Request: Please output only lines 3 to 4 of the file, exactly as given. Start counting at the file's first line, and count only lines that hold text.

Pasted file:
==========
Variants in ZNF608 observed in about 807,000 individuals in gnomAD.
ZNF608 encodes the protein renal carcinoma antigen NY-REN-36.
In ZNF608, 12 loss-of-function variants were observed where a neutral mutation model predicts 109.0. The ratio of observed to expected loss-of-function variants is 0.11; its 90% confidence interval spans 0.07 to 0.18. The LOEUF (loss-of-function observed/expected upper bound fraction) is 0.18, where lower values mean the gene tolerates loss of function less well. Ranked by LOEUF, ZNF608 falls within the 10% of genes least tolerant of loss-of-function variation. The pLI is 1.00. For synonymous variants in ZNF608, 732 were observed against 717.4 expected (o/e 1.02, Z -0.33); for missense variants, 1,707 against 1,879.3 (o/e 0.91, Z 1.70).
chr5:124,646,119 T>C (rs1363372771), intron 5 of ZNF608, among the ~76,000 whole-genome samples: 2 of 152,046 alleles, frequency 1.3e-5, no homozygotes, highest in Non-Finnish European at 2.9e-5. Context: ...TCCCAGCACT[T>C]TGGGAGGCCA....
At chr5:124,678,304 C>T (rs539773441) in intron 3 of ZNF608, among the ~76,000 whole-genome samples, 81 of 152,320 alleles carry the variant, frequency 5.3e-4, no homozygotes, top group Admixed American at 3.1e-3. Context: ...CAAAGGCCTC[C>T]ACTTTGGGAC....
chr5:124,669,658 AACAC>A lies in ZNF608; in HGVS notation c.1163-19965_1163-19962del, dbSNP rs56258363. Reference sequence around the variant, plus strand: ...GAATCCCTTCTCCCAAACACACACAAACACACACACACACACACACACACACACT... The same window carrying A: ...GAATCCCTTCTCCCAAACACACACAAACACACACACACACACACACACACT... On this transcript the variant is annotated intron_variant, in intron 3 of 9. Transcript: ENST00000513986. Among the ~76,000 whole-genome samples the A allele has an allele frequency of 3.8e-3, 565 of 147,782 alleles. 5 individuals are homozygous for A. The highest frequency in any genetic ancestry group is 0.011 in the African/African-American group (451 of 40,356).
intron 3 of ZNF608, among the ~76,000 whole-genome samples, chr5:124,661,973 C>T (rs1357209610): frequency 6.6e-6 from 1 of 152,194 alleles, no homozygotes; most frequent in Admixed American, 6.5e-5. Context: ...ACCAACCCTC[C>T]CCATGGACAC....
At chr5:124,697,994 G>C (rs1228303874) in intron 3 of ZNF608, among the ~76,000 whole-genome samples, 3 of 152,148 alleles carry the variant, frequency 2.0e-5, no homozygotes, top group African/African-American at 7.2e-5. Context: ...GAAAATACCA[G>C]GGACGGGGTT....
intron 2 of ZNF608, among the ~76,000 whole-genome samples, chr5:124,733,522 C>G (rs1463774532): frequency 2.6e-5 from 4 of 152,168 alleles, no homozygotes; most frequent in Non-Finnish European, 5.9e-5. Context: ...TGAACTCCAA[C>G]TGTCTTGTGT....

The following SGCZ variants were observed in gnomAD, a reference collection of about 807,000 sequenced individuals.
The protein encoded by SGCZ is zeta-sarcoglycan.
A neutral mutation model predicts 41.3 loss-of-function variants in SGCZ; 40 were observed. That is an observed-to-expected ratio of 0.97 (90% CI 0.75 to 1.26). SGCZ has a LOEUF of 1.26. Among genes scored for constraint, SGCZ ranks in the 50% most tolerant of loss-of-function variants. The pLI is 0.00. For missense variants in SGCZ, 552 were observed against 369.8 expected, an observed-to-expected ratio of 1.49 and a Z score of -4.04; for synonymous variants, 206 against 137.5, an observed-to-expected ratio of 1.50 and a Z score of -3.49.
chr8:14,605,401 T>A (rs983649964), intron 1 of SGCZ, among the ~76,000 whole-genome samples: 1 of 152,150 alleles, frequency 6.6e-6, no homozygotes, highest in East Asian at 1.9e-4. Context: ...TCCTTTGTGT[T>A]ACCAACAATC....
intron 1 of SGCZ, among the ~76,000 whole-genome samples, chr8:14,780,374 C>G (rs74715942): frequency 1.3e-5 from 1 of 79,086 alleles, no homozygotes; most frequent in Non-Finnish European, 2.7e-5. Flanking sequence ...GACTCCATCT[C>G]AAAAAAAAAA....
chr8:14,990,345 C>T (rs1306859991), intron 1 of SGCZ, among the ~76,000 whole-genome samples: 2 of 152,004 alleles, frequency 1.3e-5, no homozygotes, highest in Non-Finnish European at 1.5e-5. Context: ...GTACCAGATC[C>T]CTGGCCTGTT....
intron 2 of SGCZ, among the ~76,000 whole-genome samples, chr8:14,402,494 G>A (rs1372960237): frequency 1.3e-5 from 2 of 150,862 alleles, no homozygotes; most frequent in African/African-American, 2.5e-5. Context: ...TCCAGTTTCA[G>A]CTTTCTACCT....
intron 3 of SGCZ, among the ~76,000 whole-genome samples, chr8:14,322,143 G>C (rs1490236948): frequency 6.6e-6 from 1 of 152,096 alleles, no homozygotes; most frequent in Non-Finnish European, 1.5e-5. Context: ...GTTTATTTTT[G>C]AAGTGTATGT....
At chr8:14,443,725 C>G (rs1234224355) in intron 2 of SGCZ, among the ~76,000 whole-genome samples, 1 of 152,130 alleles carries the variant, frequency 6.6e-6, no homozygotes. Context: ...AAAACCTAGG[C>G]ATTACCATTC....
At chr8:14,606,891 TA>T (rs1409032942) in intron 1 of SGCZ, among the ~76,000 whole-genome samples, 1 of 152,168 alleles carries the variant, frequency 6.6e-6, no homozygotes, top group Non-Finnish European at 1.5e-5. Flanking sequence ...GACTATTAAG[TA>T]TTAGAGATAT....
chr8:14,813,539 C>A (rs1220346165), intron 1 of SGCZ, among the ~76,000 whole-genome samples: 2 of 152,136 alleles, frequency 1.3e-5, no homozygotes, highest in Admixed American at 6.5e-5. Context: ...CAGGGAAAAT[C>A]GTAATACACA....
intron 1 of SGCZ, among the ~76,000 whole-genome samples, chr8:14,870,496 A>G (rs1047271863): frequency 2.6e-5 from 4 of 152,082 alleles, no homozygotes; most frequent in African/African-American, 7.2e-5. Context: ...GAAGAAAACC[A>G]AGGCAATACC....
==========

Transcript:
In ZNF608, 12 loss-of-function variants were observed where a neutral mutation model predicts 109.0. The ratio of observed to expected loss-of-function variants is 0.11; its 90% confidence interval spans 0.07 to 0.18. The LOEUF (loss-of-function observed/expected upper bound fraction) is 0.18, where lower values mean the gene tolerates loss of function less well. Ranked by LOEUF, ZNF608 falls within the 10% of genes least tolerant of loss-of-function variation. The pLI is 1.00. For synonymous variants in ZNF608, 732 were observed against 717.4 expected (o/e 1.02, Z -0.33); for missense variants, 1,707 against 1,879.3 (o/e 0.91, Z 1.70).
chr5:124,646,119 T>C (rs1363372771), intron 5 of ZNF608, among the ~76,000 whole-genome samples: 2 of 152,046 alleles, frequency 1.3e-5, no homozygotes, highest in Non-Finnish European at 2.9e-5. Context: ...TCCCAGCACT[T>C]TGGGAGGCCA....